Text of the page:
To explore the parameter optimization problem of the MLP neural network, we used three metaheuristic algorithms, namely PSO, ABC, and IABC, and analyzed them using three evaluation indicators for the three coupled models. The results show that the fitting quality of IABCMLP can reach above 97%. Compared to ABCMLP and PSOMLP, it is 1.5% and 4.2% higher, respectively, enabling a quicker completion of the prediction process and a more accurate prediction of the compressive strength of concrete.

(2)
Comparing the IABCMLP algorithm with four common individual learning algorithms, namely MLP, DT, SVR, and RF, the study found that the IABCMLP model improved the \(R^{2}\) value by 8.35% compared to the single MLP model. In other words, IABC achieves an adaptive adjustment and optimization of the model based on the characteristics of the data, overcomes the curse of dimensionality problem in highdimensional data, and enhances the prediction accuracy and stability of the MLP model.

(3)
The newly established IABCMLP prediction model for the compressive strength of concrete is experimentally simulated on another publicly available dataset. The fitting accuracy reaches 99.2%, demonstrating the good generalization ability of the model and its suitability for predicting the compressive strength of concrete in actual construction sites.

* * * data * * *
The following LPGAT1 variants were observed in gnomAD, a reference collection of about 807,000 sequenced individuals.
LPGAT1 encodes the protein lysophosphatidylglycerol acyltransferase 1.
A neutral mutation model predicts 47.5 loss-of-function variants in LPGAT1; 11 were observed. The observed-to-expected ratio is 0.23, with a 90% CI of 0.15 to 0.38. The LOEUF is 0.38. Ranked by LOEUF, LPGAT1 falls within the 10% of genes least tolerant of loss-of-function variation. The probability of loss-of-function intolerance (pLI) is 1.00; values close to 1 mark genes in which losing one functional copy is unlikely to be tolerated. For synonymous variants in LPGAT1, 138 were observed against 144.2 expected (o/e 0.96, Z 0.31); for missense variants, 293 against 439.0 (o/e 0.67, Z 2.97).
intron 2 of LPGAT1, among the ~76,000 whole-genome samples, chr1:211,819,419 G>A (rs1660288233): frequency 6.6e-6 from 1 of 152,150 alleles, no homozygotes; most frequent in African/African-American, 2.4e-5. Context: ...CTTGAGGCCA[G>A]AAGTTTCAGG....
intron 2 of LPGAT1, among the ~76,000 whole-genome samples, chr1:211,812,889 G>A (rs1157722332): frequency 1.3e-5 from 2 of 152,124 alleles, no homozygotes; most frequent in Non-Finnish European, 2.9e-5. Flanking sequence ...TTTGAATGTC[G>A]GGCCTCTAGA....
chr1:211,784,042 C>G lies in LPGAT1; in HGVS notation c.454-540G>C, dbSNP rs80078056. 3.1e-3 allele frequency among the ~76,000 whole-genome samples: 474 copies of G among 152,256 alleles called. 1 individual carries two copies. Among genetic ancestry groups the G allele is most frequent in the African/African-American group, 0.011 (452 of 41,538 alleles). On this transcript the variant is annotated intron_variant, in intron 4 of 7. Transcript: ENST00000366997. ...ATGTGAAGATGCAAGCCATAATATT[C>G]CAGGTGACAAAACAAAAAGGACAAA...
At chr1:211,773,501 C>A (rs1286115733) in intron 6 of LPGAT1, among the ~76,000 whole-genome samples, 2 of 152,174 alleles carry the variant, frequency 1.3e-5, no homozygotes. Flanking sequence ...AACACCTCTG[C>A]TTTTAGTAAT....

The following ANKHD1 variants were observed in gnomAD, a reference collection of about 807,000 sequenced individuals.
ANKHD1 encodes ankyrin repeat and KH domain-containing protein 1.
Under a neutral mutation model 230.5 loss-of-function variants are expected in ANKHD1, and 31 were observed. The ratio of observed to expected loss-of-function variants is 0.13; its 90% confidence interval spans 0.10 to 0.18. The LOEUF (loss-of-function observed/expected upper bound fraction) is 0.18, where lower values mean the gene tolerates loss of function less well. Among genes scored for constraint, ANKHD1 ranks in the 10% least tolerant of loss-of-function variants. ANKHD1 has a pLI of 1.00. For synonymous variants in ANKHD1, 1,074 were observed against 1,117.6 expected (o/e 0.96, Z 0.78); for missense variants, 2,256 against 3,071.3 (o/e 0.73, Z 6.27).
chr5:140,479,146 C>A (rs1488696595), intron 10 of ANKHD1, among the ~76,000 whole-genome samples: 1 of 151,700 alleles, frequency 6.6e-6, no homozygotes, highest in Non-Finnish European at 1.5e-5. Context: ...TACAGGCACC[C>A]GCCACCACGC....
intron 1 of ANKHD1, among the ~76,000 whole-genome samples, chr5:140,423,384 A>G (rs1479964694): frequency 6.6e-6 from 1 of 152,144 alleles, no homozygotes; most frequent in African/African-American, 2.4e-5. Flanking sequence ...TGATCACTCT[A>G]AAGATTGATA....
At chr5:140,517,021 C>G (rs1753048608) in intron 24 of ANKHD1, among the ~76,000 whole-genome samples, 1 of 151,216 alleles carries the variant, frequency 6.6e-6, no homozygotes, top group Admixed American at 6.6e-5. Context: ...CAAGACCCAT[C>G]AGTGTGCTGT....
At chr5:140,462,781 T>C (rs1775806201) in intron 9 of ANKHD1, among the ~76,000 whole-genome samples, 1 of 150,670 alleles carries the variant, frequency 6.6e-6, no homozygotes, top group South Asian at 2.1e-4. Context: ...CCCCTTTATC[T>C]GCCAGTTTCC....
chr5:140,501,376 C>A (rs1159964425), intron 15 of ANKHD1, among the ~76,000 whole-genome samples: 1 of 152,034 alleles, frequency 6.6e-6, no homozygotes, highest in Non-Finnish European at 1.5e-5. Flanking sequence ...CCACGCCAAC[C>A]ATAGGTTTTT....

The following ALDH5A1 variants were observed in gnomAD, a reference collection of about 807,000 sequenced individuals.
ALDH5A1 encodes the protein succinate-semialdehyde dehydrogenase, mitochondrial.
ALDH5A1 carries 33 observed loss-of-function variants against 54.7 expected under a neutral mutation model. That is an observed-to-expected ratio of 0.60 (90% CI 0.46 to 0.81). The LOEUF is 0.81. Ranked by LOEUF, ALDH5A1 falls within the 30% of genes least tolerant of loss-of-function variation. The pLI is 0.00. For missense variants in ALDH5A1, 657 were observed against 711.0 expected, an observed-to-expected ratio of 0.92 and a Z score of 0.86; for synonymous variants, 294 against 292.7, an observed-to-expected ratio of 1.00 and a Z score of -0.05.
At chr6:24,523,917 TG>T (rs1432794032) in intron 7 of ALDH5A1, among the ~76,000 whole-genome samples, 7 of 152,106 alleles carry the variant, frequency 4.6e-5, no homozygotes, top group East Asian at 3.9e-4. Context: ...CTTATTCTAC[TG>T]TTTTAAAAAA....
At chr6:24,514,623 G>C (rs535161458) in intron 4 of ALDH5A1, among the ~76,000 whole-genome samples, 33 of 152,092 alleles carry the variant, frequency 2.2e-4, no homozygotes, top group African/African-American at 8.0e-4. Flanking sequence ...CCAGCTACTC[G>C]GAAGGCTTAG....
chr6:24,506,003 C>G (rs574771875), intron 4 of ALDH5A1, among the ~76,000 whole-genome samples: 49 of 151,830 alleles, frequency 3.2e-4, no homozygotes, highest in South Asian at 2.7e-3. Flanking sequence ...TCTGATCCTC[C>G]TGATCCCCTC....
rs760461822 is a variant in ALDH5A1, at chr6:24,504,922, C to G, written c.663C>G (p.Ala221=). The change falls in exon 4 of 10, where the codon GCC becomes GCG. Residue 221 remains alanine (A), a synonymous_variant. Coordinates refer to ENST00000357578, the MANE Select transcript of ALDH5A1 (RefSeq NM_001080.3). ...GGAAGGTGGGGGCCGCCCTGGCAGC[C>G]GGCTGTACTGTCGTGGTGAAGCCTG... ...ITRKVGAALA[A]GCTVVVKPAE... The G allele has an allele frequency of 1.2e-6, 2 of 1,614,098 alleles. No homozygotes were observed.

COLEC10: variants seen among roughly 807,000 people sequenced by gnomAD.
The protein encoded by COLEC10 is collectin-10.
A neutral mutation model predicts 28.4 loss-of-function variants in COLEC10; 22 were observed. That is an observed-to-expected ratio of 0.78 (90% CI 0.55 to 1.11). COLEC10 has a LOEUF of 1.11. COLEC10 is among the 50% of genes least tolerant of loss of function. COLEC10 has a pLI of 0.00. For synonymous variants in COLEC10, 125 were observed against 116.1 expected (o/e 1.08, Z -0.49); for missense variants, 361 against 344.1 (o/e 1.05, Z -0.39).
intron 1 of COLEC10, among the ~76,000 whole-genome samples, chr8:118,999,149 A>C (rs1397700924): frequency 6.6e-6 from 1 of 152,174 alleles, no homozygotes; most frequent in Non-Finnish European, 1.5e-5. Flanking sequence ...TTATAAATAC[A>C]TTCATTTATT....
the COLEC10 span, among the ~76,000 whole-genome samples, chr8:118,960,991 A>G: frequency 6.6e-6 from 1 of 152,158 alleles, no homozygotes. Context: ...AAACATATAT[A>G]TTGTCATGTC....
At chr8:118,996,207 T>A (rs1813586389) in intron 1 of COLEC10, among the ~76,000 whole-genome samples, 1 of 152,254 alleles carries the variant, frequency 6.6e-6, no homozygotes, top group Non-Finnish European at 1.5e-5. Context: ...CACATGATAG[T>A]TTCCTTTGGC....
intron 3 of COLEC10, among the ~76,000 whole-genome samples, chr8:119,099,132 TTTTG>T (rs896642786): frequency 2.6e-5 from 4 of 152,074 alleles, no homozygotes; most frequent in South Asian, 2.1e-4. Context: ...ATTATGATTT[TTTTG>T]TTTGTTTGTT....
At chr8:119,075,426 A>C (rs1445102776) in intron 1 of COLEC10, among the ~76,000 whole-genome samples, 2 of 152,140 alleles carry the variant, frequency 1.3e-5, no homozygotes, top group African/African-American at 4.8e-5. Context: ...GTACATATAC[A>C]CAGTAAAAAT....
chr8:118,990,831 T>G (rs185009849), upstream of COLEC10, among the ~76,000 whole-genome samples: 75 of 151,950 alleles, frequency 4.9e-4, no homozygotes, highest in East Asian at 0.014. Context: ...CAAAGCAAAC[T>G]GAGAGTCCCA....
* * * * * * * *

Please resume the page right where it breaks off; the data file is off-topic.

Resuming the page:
In summary, the proposed IABCMLP model in this study can quickly complete the prediction process, accurately predict the compressive strength of concrete, and has good generalization ability, making it suitable for predicting the compressive strength of concrete in actual construction sites. However, the prediction study in this paper mainly focuses on predicting the compressive strength of concrete under standard conditions at room temperature. It is also important to further research the practical application of predicting the compressive strength of concrete under different temperatures, water contents, and other conditions.
Data availability
Some or all data, models, or code that support the findings of this study are available from the corresponding author upon reasonable request.
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Acknowledgements
The authors would like to acknowledge the financial support by National Natural Science Foundation of China (Nos.11802001 and 12102002).
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Li, P., Zhang, Y., Gu, J. et al. Prediction of compressive strength of concrete based on improved artificial bee colonymultilayer perceptron algorithm. Sci Rep 14, 6414 (2024). https://doi.org/10.1038/s4159802457131w
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DOI: https://doi.org/10.1038/s4159802457131w